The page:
Munoz also notes that all pediatric influenza vaccines recommended this year are quadrivalent. This has been an ongoing transition from trivalent formulations, she notes. As far as which strains the vaccine will cover, this year’s composition of the flu vaccines this year has been updated to include the influenza A (H1N1) pdm09 and A (H3N2) components. Coverage for B strains is unchanged from previous seasons, according to AAP.
According to ACIP, the 2019-20 quadrivalent flu vaccine will include protection against the A/Brisbane/02/2018 (H1N1) pdm09-like virus, an A/Kansas/14/2017 (H3N2)-like virus, a B/Colorado/06/2017–like virus (Victoria lineage), and a B/Phuket/3073/2013-like virus (Yamagata lineage). Additionally, the US Food and Drug Administration (FDA) expanded the age indication for the Afluria Quadrivalent vaccine this year. The vaccine was previously approved for use in children aged 5 and up, and now can be used in children aged 6 to 35 months. Children aged 6 to 25 months should receive the 0.25 mL dose, and children who are over 36 months of age should receive the 0.5 mL dose, according to ACIP. Pediatricians will have to watch which vaccine they are using, as there are several variations now for children aged 6 to 35 months, Munoz notes.
“Make sure to look at the vaccine brand and formulation,” Munoz advises. “There are different options for babies aged 6 to 35 months.”
There are now 4 egg-based quadrivalent flu vaccines licensed for children aged 6 months and older, 1 inactivated cell-based quadrivalent vaccine for children aged 4 years and older, and 1 quadrivalent live attenuated vaccine for children aged 2 years and older. New formulas of vaccines with a volume of 0.5 mL have been approved for children aged 6 to 36 months depending on the vaccine formula used. Children aged 36 months and older should receive the 0.5 mL dose, according to the recommendations. The ACIP recommends that a 0.25 mL dose is indicated for Afluria Quadrivalent, 0.5 mL doses are indicated for Fluarix and FluLaval quadrivalents, and either a 0.25 mL or 0.5 mL dose can be used of Fluzone Quadrivalent. The dose for the intranasal vaccine, FluMist, is 0.2 mL, or 0.1 mL in each nostril.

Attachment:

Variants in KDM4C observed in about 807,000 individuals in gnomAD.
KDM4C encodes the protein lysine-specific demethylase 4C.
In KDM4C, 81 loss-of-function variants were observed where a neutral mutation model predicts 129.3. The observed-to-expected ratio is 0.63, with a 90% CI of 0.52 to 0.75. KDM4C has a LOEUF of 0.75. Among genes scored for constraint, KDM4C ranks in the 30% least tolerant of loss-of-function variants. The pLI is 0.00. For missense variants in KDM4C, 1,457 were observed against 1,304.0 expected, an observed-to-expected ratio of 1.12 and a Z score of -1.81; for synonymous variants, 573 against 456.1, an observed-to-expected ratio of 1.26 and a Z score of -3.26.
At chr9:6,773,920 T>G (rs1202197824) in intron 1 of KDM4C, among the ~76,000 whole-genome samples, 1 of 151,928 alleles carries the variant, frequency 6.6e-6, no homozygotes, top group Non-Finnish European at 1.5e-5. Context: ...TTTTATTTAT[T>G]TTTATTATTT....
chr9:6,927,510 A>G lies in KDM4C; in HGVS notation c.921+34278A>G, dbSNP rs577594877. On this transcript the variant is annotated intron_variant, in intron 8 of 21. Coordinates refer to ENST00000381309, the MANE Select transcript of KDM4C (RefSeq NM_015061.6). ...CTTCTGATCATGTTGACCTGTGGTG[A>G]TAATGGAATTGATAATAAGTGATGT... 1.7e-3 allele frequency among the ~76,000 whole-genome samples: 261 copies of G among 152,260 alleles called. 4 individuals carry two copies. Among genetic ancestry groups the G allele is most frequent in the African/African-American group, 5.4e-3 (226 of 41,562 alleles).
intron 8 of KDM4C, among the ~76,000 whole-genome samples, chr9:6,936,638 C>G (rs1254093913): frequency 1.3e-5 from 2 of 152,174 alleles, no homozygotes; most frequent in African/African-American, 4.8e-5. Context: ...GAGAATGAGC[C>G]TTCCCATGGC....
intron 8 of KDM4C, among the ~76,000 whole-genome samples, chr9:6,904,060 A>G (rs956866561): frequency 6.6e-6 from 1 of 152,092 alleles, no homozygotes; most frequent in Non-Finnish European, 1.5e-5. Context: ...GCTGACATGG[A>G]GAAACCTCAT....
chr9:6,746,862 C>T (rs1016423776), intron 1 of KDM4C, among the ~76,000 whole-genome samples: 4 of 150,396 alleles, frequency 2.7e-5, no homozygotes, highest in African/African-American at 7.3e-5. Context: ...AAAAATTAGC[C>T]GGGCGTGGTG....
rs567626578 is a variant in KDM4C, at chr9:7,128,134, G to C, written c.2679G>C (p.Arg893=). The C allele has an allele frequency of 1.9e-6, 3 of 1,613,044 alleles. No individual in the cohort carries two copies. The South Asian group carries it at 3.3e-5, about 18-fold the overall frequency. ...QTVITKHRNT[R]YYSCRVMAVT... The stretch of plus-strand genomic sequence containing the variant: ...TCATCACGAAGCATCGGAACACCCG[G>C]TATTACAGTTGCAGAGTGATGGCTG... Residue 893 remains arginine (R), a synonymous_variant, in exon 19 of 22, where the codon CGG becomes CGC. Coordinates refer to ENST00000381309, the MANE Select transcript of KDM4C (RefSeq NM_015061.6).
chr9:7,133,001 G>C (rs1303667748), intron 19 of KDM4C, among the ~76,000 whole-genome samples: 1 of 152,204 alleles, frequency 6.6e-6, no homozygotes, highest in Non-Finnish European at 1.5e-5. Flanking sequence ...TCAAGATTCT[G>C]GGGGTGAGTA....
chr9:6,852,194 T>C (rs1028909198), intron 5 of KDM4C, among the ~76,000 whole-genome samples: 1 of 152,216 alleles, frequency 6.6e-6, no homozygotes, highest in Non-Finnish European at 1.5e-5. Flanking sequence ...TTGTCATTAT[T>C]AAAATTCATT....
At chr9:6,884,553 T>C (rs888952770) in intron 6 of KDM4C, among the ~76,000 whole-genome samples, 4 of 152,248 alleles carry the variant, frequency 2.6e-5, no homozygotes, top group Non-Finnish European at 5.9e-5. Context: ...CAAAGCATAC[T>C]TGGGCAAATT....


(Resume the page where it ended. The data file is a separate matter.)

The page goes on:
Which vaccine is chosen may also depend on supplies, with some manufacturer’s anticipating shipping delays due to the timing of the World Health Organization’s decision on which flu strains to include in this year’s vaccine.
As for timing, AAP recommends that children aged 6 months to 8 years who are receiving the flu vaccine for the first time, or who received only 1 dose prior to July 2019, be vaccinated with 2 doses of the vaccine by the end of October. Children who need only 1 dose, regardless of age, should also be vaccinated by the end of October, AAP states, reflecting the recommendation from ACIP.
There is also a new antiviral treatment available to pediatric patients, according to AAP. Baloxavir marboxil was licensed in 2018 for early treatment of influenza in patients aged older than 12 years who have been sick for less than 2 days. The new medication requires only a single dose, notes AAP, adding that clinical trials of the drug are still ongoing in hospitalized patients. The AAP recommends that any children hospitalized with suspected or confirmed influenza be treated with some form of antiviral medication approved for their age group, regardless of the duration of symptoms.